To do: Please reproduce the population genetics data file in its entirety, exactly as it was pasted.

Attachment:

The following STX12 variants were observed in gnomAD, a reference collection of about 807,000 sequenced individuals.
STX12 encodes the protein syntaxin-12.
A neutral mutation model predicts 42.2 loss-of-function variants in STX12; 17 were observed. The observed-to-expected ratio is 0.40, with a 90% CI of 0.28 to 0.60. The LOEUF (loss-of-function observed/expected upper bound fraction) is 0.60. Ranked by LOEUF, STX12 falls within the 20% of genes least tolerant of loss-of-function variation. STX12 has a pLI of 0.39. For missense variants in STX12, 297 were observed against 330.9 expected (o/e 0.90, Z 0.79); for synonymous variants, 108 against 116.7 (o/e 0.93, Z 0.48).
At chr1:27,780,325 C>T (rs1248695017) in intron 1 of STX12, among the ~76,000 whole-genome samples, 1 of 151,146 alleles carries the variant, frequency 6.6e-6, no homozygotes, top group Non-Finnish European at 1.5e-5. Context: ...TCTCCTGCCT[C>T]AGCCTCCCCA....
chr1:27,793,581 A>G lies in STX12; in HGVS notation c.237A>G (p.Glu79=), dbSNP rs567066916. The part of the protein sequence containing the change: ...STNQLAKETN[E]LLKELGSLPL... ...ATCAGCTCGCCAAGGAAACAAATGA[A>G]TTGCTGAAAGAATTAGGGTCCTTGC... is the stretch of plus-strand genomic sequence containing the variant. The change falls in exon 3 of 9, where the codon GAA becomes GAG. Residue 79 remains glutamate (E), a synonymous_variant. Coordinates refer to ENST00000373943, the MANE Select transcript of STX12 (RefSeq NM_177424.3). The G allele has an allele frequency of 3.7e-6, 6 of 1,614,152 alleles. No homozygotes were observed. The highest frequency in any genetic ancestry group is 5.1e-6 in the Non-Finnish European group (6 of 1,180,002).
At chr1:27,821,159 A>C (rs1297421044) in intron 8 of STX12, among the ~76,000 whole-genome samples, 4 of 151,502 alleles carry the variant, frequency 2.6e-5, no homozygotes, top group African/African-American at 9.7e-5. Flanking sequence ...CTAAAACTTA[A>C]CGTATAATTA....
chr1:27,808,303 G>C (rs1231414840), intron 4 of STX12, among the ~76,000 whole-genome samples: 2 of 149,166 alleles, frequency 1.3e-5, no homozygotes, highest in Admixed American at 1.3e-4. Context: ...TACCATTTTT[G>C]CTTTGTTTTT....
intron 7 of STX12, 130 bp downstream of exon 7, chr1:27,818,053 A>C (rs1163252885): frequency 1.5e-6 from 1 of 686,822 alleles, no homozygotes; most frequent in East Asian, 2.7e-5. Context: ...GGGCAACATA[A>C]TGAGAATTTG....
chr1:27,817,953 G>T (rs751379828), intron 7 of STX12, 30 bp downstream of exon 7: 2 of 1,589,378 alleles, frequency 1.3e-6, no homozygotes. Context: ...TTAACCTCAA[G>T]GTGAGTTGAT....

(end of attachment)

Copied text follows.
The following STX12 variants were observed in gnomAD, a reference collection of about 807,000 sequenced individuals.
STX12 encodes the protein syntaxin-12.
A neutral mutation model predicts 42.2 loss-of-function variants in STX12; 17 were observed. The observed-to-expected ratio is 0.40, with a 90% CI of 0.28 to 0.60. The LOEUF (loss-of-function observed/expected upper bound fraction) is 0.60. Ranked by LOEUF, STX12 falls within the 20% of genes least tolerant of loss-of-function variation. STX12 has a pLI of 0.39. For missense variants in STX12, 297 were observed against 330.9 expected (o/e 0.90, Z 0.79); for synonymous variants, 108 against 116.7 (o/e 0.93, Z 0.48).
At chr1:27,780,325 C>T (rs1248695017) in intron 1 of STX12, among the ~76,000 whole-genome samples, 1 of 151,146 alleles carries the variant, frequency 6.6e-6, no homozygotes, top group Non-Finnish European at 1.5e-5. Context: ...TCTCCTGCCT[C>T]AGCCTCCCCA....
chr1:27,793,581 A>G lies in STX12; in HGVS notation c.237A>G (p.Glu79=), dbSNP rs567066916. The part of the protein sequence containing the change: ...STNQLAKETN[E]LLKELGSLPL... ...ATCAGCTCGCCAAGGAAACAAATGA[A>G]TTGCTGAAAGAATTAGGGTCCTTGC... is the stretch of plus-strand genomic sequence containing the variant. The change falls in exon 3 of 9, where the codon GAA becomes GAG. Residue 79 remains glutamate (E), a synonymous_variant. Coordinates refer to ENST00000373943, the MANE Select transcript of STX12 (RefSeq NM_177424.3). The G allele has an allele frequency of 3.7e-6, 6 of 1,614,152 alleles. No homozygotes were observed. The highest frequency in any genetic ancestry group is 5.1e-6 in the Non-Finnish European group (6 of 1,180,002).
At chr1:27,821,159 A>C (rs1297421044) in intron 8 of STX12, among the ~76,000 whole-genome samples, 4 of 151,502 alleles carry the variant, frequency 2.6e-5, no homozygotes, top group African/African-American at 9.7e-5. Flanking sequence ...CTAAAACTTA[A>C]CGTATAATTA....
chr1:27,808,303 G>C (rs1231414840), intron 4 of STX12, among the ~76,000 whole-genome samples: 2 of 149,166 alleles, frequency 1.3e-5, no homozygotes, highest in Admixed American at 1.3e-4. Context: ...TACCATTTTT[G>C]CTTTGTTTTT....
intron 7 of STX12, 130 bp downstream of exon 7, chr1:27,818,053 A>C (rs1163252885): frequency 1.5e-6 from 1 of 686,822 alleles, no homozygotes; most frequent in East Asian, 2.7e-5. Context: ...GGGCAACATA[A>C]TGAGAATTTG....
chr1:27,817,953 G>T (rs751379828), intron 7 of STX12, 30 bp downstream of exon 7: 2 of 1,589,378 alleles, frequency 1.3e-6, no homozygotes. Context: ...TTAACCTCAA[G>T]GTGAGTTGAT....